December 2008 Issue

Fuel-Cap Covers: Effective on Most Wings

The Stay-Sealed cap will keep water out if you can get it to latch on correctly, but so will an aircraft cover. Filtering the water out of a sample works great.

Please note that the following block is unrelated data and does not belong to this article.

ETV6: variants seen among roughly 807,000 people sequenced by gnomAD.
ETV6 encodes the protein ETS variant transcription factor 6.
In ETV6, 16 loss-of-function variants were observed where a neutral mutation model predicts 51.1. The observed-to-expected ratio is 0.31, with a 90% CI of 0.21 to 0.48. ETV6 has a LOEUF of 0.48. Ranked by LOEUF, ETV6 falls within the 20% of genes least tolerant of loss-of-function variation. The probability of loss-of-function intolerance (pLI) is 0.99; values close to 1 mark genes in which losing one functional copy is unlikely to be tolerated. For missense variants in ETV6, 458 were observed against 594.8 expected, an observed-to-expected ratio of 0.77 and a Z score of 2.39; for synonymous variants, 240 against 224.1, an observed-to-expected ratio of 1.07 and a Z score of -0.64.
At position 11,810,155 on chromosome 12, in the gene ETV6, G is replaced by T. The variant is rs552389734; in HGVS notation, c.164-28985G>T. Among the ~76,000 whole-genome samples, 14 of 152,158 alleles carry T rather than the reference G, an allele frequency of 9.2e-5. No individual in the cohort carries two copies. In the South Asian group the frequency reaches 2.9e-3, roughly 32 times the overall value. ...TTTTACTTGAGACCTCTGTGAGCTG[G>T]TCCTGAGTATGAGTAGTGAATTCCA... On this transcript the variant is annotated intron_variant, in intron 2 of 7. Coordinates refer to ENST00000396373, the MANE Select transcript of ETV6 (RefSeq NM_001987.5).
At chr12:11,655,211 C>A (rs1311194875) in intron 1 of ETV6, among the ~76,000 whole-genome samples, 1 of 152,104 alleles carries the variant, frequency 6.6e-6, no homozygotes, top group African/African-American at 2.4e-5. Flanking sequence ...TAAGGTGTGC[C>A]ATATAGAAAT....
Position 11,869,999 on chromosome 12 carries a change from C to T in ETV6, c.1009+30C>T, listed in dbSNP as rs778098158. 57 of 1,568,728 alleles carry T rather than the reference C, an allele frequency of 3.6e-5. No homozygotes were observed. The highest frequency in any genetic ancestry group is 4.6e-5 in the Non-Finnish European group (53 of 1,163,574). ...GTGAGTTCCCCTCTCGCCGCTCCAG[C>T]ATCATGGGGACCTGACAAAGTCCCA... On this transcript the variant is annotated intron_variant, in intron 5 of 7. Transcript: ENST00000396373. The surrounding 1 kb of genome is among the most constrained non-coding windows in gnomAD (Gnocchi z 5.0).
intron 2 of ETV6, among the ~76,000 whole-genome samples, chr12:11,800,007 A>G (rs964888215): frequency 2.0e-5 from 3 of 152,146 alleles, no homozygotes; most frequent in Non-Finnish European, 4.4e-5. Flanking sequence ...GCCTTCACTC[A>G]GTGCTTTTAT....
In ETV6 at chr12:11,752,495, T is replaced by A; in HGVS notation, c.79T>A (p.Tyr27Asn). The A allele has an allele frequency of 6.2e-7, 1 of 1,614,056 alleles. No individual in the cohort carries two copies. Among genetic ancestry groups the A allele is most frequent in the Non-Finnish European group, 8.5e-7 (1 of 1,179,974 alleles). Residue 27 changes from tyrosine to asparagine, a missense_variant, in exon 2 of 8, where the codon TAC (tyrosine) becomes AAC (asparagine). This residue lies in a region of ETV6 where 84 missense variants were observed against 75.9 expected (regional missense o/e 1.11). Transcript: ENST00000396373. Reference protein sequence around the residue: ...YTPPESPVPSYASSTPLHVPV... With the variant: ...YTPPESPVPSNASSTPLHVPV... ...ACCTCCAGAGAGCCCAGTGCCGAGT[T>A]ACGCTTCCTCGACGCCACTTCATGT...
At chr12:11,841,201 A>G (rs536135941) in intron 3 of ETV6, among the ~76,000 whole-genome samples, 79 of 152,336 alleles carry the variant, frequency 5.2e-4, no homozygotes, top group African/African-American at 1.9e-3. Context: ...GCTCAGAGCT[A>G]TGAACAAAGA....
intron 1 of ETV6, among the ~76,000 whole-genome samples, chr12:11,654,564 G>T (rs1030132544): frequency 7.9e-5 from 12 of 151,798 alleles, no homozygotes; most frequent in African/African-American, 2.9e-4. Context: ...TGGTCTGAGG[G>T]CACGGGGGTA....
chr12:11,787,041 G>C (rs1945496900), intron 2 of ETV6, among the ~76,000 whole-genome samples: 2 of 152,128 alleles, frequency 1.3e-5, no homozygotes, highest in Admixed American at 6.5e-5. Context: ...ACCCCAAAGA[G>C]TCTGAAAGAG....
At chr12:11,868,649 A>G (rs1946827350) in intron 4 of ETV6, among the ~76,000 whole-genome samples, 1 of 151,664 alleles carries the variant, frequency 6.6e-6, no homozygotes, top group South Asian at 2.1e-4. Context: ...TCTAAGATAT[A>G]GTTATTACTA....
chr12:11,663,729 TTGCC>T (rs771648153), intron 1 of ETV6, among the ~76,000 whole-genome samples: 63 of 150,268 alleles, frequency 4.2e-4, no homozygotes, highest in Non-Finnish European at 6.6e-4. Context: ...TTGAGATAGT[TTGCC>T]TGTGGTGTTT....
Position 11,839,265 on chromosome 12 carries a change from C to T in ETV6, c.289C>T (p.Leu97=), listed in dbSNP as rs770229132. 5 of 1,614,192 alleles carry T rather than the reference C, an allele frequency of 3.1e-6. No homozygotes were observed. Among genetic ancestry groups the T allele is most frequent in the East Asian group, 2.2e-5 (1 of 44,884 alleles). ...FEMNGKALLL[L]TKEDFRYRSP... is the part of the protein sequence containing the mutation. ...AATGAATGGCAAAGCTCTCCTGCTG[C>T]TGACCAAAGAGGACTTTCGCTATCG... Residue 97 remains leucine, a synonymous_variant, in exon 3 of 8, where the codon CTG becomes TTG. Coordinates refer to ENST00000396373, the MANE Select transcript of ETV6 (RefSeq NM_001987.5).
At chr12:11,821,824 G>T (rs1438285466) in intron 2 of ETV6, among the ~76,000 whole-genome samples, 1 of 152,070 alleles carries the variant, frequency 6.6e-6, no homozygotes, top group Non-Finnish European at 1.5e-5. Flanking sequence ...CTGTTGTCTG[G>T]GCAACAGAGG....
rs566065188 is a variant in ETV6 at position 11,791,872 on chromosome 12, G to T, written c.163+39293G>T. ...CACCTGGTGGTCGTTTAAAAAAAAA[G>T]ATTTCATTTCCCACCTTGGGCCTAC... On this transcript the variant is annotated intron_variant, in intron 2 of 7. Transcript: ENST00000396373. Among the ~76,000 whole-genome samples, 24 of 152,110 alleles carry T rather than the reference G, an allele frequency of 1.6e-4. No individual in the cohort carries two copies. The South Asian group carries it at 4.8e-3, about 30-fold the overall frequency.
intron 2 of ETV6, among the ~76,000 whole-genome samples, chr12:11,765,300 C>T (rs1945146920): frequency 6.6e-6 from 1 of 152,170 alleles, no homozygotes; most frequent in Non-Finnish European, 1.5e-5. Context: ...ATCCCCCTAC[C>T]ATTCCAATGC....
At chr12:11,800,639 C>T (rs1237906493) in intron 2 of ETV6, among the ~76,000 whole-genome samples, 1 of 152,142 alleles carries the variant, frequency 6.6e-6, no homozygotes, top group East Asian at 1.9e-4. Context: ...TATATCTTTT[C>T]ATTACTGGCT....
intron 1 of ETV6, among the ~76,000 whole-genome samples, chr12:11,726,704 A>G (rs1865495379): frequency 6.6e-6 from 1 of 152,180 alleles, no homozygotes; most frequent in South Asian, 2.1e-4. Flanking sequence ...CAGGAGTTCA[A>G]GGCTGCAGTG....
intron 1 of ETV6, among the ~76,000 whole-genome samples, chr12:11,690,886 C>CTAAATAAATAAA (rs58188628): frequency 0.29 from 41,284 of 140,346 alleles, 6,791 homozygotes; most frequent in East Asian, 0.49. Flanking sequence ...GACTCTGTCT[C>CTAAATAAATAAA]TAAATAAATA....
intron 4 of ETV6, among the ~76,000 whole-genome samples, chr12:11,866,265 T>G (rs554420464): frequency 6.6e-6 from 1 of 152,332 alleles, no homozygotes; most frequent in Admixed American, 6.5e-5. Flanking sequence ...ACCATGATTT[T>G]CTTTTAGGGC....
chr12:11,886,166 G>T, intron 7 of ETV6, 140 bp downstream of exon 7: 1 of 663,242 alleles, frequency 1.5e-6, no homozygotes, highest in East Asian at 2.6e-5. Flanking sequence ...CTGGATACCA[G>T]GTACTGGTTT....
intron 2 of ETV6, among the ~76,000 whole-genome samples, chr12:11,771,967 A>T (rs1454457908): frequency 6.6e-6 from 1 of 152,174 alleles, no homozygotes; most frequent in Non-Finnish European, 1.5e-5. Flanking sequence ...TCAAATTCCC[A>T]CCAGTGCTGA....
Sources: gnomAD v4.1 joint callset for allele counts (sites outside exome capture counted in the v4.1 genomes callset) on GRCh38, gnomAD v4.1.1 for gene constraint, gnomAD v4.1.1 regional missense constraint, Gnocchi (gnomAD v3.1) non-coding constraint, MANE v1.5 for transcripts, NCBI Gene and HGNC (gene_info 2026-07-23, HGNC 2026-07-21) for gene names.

Part of every piston-pilotís preflight ritual is sumping the fuel tanks to check for water. Given that a modern Cessna has 13 of these fuel drains, wouldnít it be better just to keep the water out? Thatís what Stay-Sealed attempts with a fuel cap to put in place over your existing fuel cap. The company offers covers that fit most single-engine Cessnas and Pipers. The covers arenít interchangeable, so order the right type for your airplane. The cap is applied by pressing down and physically locking over the existing fuel cap. You need to pull up on the ring at the center to make sure itís really in place. It shouldnít pop off. The company claims it will stay on in an 80 mph wind. It comes off with a slight pop when you pull from the corner with no scuffing to the paint. We tested the Stay-Sealed cover on two high-wing Cessnas by smearing a paste that changes color in the presence of water just inside the filler neck, closing the cap and then drenching the wing until there was standing water. We tried it with an unprotected fuel cap, a canvas aircraft cover and the Stay Sealed cover. (A big thanks to the folks at Cumberland and York Aviation in Biddeford, Maine, for their help with this.)

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